Definitive Wound Closure Techniques in Fournier’s Gangrene
Necrotizing soft tissue infection of the perineum, or Fournier’s gangrene (FG), is a morbid and mortal diagnosis. Despite the severity of FG, the optimal definitive wound closure strategy is unknown, as are long-term wound outcomes. A retrospective review was performed over a 3-year period at a single trauma center. Patients were managed according to our institutional approach focusing on primary wound closure and secondary intention healing in residual wounds. Overall 168 patients were included. Complete primary wound closure was accomplished in 39.9 per cent of patients. Patients undergoing primary wound closure were primarily male (89.6 vs 64.4%, P < 0.001), had lower mean sequential organ failure assessment (SOFA) scores (1.70 ± 2.30 vs 2.98 ± 3.36, P = 0.004), more often had perineum-limited FG (67.2 vs 42.6%, P = 0.003), and required fewer debridements (2.40 vs 2.79, P = 0.02). On logistic regression, predictors of primary closure included gender (odds ratio 4.643, 95% confidence interval 1.885‐11.437, P = 0.001) and SOFA score (odds ratio 0.834, 95% confidence interval 0.727‐0.957, P = 0.01). Wound healing rates increased over time, to an 82.1 per cent wound healing rate without further intervention at greater than six months of follow-up. Wounds healed with secondary intention ranged from 70 to 9520 cm3 and primary closure ranged from 126 to 6912 cm3, whereas wounds requiring skin grafts ranged from 405 to 16,170 cm3. Complete primary wound closure is often achievable in FG patients. Using this standardized approach to FG wound management, even large wounds and wounds undergoing secondary intention healing will often close with long-term wound care and do not require flap creation or early skin grafting.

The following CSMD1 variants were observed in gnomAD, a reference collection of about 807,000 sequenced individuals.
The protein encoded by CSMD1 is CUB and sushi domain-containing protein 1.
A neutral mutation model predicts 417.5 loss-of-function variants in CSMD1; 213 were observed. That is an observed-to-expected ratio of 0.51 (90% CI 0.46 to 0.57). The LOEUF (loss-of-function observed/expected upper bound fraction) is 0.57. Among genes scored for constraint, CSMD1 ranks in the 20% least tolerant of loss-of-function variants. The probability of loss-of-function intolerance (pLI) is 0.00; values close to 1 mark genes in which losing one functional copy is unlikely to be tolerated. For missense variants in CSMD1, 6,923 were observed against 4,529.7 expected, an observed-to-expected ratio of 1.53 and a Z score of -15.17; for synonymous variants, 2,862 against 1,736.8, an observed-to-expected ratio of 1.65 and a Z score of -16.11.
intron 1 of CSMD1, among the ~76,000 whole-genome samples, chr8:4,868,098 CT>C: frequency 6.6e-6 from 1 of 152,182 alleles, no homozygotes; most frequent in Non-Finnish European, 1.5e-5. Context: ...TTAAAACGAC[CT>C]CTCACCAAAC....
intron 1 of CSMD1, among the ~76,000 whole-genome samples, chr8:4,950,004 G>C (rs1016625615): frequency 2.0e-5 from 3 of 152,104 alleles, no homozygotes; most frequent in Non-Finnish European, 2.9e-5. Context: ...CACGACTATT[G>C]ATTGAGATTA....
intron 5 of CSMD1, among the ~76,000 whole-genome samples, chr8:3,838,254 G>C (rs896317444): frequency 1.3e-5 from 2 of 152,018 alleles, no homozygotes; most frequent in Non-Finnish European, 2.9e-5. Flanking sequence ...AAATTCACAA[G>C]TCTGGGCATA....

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Document Type: Research Article
Publication date: January 1, 2018
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